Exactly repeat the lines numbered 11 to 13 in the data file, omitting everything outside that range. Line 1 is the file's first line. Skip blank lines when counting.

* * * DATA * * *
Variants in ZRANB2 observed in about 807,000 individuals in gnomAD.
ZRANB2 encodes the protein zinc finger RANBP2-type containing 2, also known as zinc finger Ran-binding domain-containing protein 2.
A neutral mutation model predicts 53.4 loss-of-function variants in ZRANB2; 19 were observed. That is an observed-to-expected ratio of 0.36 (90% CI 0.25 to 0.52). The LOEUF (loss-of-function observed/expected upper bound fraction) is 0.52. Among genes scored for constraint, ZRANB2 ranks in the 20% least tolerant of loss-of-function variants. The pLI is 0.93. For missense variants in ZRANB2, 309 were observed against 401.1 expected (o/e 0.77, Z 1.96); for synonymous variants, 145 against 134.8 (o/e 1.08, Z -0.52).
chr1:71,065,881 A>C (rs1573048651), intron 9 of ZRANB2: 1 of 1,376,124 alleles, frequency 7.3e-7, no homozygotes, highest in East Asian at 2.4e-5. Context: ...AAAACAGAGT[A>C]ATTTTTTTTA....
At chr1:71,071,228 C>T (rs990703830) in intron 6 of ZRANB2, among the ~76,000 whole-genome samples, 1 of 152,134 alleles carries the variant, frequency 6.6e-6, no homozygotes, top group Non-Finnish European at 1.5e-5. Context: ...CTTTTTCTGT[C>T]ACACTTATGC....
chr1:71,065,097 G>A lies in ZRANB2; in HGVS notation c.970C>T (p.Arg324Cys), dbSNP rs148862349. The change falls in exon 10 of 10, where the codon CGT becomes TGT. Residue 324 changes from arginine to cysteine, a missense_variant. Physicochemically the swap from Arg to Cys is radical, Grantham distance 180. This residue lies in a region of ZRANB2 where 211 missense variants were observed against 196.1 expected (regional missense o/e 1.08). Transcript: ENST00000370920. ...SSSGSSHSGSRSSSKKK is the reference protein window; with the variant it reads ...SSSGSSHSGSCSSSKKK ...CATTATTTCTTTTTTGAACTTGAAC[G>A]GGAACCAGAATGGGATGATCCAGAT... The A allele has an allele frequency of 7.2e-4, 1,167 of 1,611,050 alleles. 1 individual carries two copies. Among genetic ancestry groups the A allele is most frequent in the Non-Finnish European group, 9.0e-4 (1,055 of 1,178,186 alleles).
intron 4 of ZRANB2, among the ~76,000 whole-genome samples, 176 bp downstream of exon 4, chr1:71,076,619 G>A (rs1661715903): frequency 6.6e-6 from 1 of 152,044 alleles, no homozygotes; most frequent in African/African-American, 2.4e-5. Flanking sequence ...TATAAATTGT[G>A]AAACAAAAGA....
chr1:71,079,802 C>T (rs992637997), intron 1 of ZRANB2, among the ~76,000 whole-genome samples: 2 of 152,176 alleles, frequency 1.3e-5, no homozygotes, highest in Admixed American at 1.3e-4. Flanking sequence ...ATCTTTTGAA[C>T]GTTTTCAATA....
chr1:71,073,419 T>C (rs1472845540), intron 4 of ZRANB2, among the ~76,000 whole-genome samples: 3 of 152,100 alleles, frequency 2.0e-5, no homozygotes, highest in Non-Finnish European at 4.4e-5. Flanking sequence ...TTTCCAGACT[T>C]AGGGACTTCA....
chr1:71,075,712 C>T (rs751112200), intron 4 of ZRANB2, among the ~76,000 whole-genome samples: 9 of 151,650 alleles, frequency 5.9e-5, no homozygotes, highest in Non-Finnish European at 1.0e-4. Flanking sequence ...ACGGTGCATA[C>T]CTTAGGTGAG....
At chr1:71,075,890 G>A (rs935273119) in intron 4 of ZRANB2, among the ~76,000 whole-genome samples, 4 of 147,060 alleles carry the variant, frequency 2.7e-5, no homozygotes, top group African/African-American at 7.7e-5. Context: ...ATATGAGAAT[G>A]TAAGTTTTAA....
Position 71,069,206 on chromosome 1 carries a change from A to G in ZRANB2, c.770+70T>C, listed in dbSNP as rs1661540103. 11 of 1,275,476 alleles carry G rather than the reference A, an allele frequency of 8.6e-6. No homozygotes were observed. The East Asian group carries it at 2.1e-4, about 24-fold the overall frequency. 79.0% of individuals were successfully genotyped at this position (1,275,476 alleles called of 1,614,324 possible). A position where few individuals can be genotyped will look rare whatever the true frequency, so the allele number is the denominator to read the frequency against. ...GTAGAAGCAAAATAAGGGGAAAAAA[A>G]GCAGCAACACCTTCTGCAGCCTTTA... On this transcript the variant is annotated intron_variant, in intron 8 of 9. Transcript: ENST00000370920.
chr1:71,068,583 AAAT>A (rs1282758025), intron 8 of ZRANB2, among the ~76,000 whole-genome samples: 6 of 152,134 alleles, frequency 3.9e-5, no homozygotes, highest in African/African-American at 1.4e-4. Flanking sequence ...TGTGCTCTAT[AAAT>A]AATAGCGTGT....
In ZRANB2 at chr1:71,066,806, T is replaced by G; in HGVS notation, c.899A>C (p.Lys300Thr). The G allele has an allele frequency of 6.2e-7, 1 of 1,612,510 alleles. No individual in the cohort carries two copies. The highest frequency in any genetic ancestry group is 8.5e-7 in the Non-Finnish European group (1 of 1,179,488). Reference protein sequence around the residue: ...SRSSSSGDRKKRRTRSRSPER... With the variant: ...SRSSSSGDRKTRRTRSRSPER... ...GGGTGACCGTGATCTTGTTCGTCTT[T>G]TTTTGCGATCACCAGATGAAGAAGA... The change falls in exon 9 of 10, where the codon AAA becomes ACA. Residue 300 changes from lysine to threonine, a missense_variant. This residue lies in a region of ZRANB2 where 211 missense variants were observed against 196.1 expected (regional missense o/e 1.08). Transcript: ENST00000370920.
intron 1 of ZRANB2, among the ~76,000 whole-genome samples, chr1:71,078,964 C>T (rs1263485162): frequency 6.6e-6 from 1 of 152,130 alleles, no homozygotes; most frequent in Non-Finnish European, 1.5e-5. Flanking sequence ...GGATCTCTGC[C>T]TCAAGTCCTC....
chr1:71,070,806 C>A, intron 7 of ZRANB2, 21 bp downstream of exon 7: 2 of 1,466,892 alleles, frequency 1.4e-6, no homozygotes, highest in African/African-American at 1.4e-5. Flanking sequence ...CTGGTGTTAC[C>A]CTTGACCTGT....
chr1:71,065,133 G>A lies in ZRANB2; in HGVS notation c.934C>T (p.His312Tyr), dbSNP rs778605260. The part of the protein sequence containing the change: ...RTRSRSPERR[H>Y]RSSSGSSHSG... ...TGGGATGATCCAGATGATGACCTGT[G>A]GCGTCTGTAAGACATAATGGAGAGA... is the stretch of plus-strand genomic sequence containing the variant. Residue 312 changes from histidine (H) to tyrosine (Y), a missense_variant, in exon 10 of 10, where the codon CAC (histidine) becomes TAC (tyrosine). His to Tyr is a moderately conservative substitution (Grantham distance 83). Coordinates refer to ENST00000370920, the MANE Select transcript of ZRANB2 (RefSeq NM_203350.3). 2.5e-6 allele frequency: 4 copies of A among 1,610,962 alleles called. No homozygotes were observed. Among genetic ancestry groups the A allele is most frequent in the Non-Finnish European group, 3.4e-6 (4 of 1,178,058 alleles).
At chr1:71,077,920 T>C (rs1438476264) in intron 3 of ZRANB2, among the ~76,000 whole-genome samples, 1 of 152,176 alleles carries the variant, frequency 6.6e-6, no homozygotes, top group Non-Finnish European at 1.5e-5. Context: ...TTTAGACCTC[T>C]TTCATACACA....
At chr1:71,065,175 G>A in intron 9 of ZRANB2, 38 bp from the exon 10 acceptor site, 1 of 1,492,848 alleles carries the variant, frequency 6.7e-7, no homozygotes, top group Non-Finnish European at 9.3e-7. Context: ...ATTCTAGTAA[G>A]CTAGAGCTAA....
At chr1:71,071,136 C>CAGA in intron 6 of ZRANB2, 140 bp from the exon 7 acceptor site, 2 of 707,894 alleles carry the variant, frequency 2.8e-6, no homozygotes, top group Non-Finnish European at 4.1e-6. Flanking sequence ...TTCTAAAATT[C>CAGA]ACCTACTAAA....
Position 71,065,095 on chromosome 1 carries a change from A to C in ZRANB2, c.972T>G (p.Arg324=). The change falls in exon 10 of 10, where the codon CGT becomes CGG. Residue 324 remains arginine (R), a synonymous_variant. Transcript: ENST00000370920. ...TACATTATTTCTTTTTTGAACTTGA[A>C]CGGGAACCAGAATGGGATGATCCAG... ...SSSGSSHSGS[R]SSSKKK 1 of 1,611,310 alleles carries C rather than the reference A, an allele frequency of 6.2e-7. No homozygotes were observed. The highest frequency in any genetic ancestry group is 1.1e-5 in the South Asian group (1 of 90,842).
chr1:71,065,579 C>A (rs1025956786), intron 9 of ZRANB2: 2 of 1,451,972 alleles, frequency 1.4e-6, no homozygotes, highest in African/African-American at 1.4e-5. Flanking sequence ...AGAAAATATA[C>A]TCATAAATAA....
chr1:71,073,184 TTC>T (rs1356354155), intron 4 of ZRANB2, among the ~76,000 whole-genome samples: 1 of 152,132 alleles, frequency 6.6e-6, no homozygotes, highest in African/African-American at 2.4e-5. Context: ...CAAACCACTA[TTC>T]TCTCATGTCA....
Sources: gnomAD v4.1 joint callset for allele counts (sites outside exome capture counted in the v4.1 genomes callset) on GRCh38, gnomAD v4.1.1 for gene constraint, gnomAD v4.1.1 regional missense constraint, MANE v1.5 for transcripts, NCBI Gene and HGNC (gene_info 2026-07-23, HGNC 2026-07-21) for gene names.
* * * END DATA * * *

At chr1:71,075,890 G>A (rs935273119) in intron 4 of ZRANB2, among the ~76,000 whole-genome samples, 4 of 147,060 alleles carry the variant, frequency 2.7e-5, no homozygotes, top group African/African-American at 7.7e-5. Context: ...ATATGAGAAT[G>A]TAAGTTTTAA....
Position 71,069,206 on chromosome 1 carries a change from A to G in ZRANB2, c.770+70T>C, listed in dbSNP as rs1661540103. 11 of 1,275,476 alleles carry G rather than the reference A, an allele frequency of 8.6e-6. No homozygotes were observed. The East Asian group carries it at 2.1e-4, about 24-fold the overall frequency. 79.0% of individuals were successfully genotyped at this position (1,275,476 alleles called of 1,614,324 possible). A position where few individuals can be genotyped will look rare whatever the true frequency, so the allele number is the denominator to read the frequency against. ...GTAGAAGCAAAATAAGGGGAAAAAA[A>G]GCAGCAACACCTTCTGCAGCCTTTA... On this transcript the variant is annotated intron_variant, in intron 8 of 9. Transcript: ENST00000370920.
chr1:71,068,583 AAAT>A (rs1282758025), intron 8 of ZRANB2, among the ~76,000 whole-genome samples: 6 of 152,134 alleles, frequency 3.9e-5, no homozygotes, highest in African/African-American at 1.4e-4. Flanking sequence ...TGTGCTCTAT[AAAT>A]AATAGCGTGT....